White House Nannies Jobs

Feb 7th, 2012


Finding the right nanny for your family isn’t easy. Breaking up with your nanny isn’t any easier. I’ve listened to many families and nannies over the years describe the dissolution of their relationships. I keep a big box of Kleenex on my desk. Sometimes I want to reach for a tissue myself.

A nanny job— taking care of someone’s children for 50 hours a week –is like no other. All that intensity and then— it’s over. It’s a loss felt intensely by nanny and child. As the parent and employer, how do you best handle the break-up? There are many situations that result in the end to the nanny’s employment.

In some cases, the child has just aged out of the arrangement. He or she is going to school and there is no longer a need for full time care. If the family and nanny can’t work out ways to continue the relationship, the nanny will have to move on. In this situation, there is no fault or blame. The best way to deal here is for both parties to sit down and talk about the obvious—the kids are going to be in school all day in the fall—and talk about a departure date. The family should offer to write a letter reference and give the caregiver as much time as possible to find a new position. Fortunately, either in the beginning or end of summer there is turn-over in the market and a reasonable time frame for the nanny to do her job search.

I understand that may people worry about the lame-duck status of someone working in their house with their children once the job is over. Fortunately, I have never heard of a caregiver taking out the sad news on the child or children. Obviously, if the relationship takes a turn for the worse, the end will need to come sooner.

What happens if the relationship just isn’t working out, but you’ve been together a long time? There were many good years to be thankful for. Again, talk about moving on, give a reasonable departure time (two to four weeks), and write a letter of reference.  If at all possible, try not to end on a bad note. Take the high road even if you feel your caregiver is falling down on the job now. There were many good years in the past. It’s just time.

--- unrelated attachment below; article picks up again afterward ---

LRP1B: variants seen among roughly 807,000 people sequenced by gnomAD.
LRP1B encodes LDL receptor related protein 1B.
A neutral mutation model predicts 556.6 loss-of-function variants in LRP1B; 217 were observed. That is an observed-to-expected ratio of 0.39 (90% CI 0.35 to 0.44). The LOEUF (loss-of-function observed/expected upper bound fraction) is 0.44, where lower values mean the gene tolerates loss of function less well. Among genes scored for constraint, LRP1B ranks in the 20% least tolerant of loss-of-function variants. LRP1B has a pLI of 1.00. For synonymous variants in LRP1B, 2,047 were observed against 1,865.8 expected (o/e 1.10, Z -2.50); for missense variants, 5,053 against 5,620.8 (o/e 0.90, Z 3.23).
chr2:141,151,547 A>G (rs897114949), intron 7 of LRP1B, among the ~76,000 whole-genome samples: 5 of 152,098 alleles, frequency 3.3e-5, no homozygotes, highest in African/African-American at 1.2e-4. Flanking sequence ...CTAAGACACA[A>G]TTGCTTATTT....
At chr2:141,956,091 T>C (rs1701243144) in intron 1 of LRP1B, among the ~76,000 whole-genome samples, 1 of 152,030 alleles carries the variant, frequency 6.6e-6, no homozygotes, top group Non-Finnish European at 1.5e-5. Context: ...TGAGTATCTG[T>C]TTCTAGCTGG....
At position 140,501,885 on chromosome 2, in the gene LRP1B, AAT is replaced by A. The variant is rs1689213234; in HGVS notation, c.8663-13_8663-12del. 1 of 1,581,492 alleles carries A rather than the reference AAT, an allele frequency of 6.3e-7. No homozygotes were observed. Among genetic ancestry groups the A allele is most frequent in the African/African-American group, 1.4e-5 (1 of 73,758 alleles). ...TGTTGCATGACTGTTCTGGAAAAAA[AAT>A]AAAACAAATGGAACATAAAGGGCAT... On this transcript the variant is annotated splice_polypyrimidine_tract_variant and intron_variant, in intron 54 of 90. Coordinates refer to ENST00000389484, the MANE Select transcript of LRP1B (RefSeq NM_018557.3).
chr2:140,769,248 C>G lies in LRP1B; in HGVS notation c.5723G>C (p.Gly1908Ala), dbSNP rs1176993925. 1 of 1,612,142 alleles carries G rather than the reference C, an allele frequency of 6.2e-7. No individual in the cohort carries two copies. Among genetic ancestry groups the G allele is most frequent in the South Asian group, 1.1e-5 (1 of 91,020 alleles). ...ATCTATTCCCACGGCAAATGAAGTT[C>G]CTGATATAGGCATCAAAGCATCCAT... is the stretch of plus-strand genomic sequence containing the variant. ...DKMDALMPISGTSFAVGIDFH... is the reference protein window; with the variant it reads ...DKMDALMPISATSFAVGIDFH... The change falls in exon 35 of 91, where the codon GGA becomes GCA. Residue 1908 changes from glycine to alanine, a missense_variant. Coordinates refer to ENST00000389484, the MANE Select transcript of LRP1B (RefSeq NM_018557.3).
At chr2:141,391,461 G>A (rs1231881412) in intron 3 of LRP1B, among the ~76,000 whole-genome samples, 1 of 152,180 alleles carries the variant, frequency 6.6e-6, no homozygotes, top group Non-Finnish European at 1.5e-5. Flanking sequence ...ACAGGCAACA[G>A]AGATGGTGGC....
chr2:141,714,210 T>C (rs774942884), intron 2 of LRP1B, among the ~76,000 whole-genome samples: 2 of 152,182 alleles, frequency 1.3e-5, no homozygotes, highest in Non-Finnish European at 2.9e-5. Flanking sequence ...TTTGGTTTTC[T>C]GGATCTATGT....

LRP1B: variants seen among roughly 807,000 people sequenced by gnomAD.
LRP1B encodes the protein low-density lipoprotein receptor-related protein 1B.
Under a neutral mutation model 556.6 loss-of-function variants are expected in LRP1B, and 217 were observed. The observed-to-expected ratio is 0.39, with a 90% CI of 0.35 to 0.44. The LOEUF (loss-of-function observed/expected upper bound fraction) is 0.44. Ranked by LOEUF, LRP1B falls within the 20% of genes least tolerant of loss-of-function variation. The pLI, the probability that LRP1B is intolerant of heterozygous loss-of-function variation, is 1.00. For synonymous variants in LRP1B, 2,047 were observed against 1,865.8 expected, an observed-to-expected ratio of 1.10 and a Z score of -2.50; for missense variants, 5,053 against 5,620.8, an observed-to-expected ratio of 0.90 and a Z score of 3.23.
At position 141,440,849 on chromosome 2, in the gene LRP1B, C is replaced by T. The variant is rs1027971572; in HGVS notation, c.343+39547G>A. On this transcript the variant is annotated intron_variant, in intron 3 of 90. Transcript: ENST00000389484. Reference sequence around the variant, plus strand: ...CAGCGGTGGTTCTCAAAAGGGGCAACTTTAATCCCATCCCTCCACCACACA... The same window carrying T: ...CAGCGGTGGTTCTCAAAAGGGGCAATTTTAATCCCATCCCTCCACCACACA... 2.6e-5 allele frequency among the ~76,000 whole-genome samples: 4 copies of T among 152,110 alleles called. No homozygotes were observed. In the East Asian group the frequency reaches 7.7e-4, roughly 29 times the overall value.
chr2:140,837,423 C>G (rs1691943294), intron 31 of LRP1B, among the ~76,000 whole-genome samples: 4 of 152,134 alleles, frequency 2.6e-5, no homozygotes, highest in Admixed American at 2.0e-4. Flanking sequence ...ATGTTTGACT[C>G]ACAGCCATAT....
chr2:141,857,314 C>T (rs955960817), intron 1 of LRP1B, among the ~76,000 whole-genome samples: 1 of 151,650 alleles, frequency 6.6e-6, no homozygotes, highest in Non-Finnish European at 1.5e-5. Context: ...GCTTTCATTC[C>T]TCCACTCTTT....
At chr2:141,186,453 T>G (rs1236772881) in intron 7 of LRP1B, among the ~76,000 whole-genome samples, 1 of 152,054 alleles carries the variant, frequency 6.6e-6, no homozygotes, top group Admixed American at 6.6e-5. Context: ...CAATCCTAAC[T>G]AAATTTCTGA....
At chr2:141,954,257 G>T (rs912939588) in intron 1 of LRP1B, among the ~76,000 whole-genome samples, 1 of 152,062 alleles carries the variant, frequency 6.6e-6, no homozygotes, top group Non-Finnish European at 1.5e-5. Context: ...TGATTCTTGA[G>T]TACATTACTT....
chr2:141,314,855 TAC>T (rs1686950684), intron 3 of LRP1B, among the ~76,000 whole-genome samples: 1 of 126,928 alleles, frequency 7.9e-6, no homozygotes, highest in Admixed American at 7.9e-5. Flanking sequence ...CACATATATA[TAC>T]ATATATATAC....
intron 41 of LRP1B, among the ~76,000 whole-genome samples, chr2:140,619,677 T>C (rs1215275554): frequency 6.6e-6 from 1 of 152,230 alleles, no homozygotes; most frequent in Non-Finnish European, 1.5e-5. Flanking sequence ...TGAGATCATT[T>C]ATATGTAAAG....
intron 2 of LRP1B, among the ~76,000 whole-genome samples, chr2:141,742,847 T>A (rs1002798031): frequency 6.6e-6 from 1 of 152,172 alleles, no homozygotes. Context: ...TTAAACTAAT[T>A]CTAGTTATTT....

Recently I’ve had two families part company: one after 7 years and another after 2. Neither departure was good. In the first instance, the caregiver whose job was winding down, answered a child’s question in an incredibly insensitive, may I say, stupid way. (Note to nannies: politics and religion should be left to the parents.) After a week of being given the silent treatment by the offended mom, the nanny quit. After 7 years! The youngest child lost her best friend, and the family feels terrible that the relationship ended so badly. I encouraged the nanny to call and talk to them. I am hoping both parties will come to an understanding and be able to develop some perspective.

The other nanny was summarily dismissed. As a live-in nanny, losing her job meant losing her income and the roof over her head. No one should be put out on the street unless something egregious was done. In this case, both nanny and parent had a litany of gripes and needed to break up. It was just the HOW that disturbed me. No matter how angry or how much you disagree with decisions, actions, or statements that were made, throwing someone out of your house is extreme. Relieve them of their duties, but allow them time to respond with their point of view (even if you don’t care) and give them time to find a place to go. If there is an egregious incident, then immediate dismissal is in order.

Taking the high road is always my advice. Give your nanny severance. Most caregivers live pay check to pay check.  Hopefully, you will have the amount spelled out in your contract. Two weeks is basic and standard. But if someone has been in your employ a long time or if you know that two weeks salary is too little to tide them over until they find a new job, more severance would certainly be helpful. Provide a letter of reference which includes dates of employment and job description. I don’t advise anyone to lie in the letter or be overly positive if you aren’t feeling that way. On the other hand, there are probably a myriad of positive things you can list when thinking back over the years.   I realize it may be hard to have a warm fuzzy perspective when you are really ready to move on. Breaking up with your nanny is an emotional experience no matter why the break-up is happening.  Everyone feels some loss. Try to take the high road.

To learn about how we can help you find the right nanny for your family, contact us today at (301) 654-1242.